Iowa Soybean Assoc. (ISA) President Tim Bardole, a Rippey farmer, and other ISA leaders have requested the Trump administration act on federal disaster assistance that “will get us back on our feet in the aftermath of this storm, but we’re still standing on shaky ground economically.”
Bardole met with Vice President Mike Pence Aug. 13 in Des Moines to discuss challenges farmers are facing, including the damage from the storm.
“My family farm has dealt with tornados, ice storms, flooding and droughts, but nothing has compared to the devastation my farm incurred from the recent derecho,” he told Pence.
“Never before has the damage been so widespread,” Bardole added. “Every square inch of every acre of every field was impacted. My soybeans have significant hail damage. My corn crop is flattened, with damage so significant that there may not be anything to harvest.”
The IDALS has been consulting with commercial cooperatives, industry representatives, farmers and landowners to estimate the amount of grain storage lost after the derecho’s high winds shredded grain bins as it moved through the state.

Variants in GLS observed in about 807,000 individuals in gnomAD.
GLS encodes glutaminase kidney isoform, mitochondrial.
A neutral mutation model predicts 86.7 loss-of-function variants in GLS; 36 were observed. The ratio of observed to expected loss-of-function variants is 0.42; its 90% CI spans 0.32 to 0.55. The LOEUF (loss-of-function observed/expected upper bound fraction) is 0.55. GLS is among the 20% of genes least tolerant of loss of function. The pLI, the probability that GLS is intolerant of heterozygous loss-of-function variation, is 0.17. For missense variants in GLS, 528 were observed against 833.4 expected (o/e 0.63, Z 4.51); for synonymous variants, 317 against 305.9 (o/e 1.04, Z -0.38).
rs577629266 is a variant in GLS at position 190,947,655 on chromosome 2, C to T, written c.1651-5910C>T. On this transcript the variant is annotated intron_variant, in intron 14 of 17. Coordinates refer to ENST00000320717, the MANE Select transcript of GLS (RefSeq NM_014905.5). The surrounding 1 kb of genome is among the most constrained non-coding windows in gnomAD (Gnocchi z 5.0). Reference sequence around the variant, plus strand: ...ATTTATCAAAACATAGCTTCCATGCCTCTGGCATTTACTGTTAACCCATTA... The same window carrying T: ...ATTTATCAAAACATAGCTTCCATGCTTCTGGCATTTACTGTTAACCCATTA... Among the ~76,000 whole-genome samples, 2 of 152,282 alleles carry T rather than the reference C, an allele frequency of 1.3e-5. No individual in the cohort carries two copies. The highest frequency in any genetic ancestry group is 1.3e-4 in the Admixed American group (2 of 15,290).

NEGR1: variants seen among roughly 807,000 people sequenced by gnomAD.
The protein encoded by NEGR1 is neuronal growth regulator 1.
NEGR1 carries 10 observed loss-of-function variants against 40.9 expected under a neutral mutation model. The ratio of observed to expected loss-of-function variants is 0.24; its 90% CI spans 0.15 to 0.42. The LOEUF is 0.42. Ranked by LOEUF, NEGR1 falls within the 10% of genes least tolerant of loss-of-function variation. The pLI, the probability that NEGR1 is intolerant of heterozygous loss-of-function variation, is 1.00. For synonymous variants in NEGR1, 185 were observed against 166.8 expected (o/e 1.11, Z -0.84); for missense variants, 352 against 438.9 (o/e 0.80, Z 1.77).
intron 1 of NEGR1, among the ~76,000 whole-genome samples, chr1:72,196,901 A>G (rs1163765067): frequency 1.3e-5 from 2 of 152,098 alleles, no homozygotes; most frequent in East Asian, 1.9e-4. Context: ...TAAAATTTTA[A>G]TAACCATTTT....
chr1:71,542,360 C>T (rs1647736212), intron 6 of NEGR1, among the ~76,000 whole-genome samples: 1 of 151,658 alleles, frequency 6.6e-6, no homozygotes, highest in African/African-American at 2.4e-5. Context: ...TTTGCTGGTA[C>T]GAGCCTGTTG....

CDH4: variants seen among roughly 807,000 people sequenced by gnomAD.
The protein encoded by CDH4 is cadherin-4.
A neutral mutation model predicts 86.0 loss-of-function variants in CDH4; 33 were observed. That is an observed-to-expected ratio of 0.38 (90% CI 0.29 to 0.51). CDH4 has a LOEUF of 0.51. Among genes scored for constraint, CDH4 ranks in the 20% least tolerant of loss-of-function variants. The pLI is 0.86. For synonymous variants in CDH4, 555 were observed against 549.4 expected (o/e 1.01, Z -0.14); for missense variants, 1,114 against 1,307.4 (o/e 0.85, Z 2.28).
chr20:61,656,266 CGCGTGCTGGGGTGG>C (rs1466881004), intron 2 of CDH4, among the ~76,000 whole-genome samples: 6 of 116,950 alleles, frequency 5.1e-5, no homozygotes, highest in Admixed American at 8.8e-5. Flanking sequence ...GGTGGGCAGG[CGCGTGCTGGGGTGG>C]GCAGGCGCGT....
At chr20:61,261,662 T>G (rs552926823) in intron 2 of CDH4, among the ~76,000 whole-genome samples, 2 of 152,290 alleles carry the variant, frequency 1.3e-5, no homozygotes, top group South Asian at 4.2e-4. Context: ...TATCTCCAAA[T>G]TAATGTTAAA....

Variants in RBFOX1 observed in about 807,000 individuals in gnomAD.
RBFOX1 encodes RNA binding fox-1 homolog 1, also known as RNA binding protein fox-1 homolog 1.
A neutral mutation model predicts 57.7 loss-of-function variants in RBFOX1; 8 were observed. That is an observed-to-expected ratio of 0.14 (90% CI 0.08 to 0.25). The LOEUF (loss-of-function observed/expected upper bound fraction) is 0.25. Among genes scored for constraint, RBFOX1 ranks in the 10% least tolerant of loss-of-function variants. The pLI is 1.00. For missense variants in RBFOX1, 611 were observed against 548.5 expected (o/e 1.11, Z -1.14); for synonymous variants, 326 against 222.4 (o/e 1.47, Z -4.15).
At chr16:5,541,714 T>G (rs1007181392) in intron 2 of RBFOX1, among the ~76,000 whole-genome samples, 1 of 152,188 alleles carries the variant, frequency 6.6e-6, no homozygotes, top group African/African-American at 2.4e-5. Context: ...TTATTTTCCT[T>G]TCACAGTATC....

Several cooperatives located in central and east-central Iowa are reporting sites damaged by the derecho. Early estimates indicated more than 57 million bushels of permanently-licensed grain storage was seriously damaged or destroyed.
$300 million estimated cost to remove, replace or repair damaged bins
The cooperatives estimated it will cost more than $300 million to remove, replace or repair the damaged grain storage bins.
What’s more, tens of millions of bushels of on-farm storage were also lost during the storm, which may create grain storage challenges as farmers head into the 2020 harvest. In 2019, Iowa farmers harvested 2.6 billion bushels of corn and 502 million bushels of soybeans, according to the USDA.
For Iowa Biodiesel Board Executive Director Grant Kimberley, a sixth-generation farmer who farms with his father, Rick, near Maxwell, the storm definitely dimmed hopes of what was to be a promising crop year.
“We were set up for 250-bushel-per acre corn,” Grant told Iowa Sen. Joni Ernst during an Aug. 12 visit to see the extent of the damage. “And now it’s going to be a super long and hard harvest with nowhere near 250.”